Essential Theory for Social Work Practice
Chris Beckett, Sage
STAR RATING: 4/5
Billed as an introductory text and resource for social work students, this book is indeed that – and much more, writes Ron Burn.
Chris Beckett has successfully produced an accessible and comprehensive account, which has much to offer experienced practitioners and practice teachers, as well as its target audience of social work students.
A major strength is the way Beckett strives to keep a sense of the “real world” running throughout. This is not an academic, theoretical, abstract account of various social work theories, but rather a practical overview, which readers can apply to their own practice.
In achieving this, the author has resisted linking his work to the current National Occupational Standards for Social Work, and refers instead to what he sees as the advocacy, change agent and executive roles played by social workers. Each of these is broken down in detail, making it easy for any worker, whatever their practice setting, to identify the roles most relevant to them and which theories are most applicable. Most readers will, I’m sure, appreciate this approach.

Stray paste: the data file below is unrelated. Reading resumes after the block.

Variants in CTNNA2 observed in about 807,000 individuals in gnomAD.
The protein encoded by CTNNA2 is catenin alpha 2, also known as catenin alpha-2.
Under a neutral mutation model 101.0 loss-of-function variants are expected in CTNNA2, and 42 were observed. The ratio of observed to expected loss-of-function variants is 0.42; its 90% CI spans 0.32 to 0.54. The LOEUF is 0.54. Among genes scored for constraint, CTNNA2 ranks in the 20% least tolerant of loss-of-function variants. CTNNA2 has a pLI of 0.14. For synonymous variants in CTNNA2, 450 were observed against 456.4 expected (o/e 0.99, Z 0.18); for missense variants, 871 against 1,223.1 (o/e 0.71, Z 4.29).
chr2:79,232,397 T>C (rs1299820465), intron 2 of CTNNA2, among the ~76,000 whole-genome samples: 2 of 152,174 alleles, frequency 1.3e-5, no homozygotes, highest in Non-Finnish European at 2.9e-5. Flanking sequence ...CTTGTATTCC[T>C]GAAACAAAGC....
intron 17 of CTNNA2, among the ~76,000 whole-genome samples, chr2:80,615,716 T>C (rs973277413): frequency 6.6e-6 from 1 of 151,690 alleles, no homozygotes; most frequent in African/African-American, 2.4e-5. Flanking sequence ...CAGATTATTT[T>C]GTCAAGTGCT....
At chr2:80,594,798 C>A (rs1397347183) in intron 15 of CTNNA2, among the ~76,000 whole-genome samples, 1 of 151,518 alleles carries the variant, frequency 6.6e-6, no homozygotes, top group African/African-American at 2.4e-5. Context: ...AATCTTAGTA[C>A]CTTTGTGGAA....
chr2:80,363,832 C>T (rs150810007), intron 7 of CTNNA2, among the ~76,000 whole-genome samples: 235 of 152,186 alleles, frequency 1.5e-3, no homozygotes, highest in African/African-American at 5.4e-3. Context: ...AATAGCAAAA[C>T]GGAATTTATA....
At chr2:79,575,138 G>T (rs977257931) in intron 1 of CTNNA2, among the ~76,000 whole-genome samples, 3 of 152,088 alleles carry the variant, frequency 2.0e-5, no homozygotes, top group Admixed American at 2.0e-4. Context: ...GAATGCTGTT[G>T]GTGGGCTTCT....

We are offered an overview of social work theories, ideas about change, the different roles that social workers play, and an exploration of the limits of theory, in particular the relationship between theory and practice and how each influences the other.
I was particularly taken with the chapter on “Rhetoric and Reality” which addresses the divide between the current language of social work, and actual practice. For example: what does “needs-led assessment” mean in an era of increasing eligibility criteria?
It is a long time since I last read a social work book from cover to cover. However others may approach it, I’m sure they will find it equally informative and useful.
Ron Burn is an independent trainer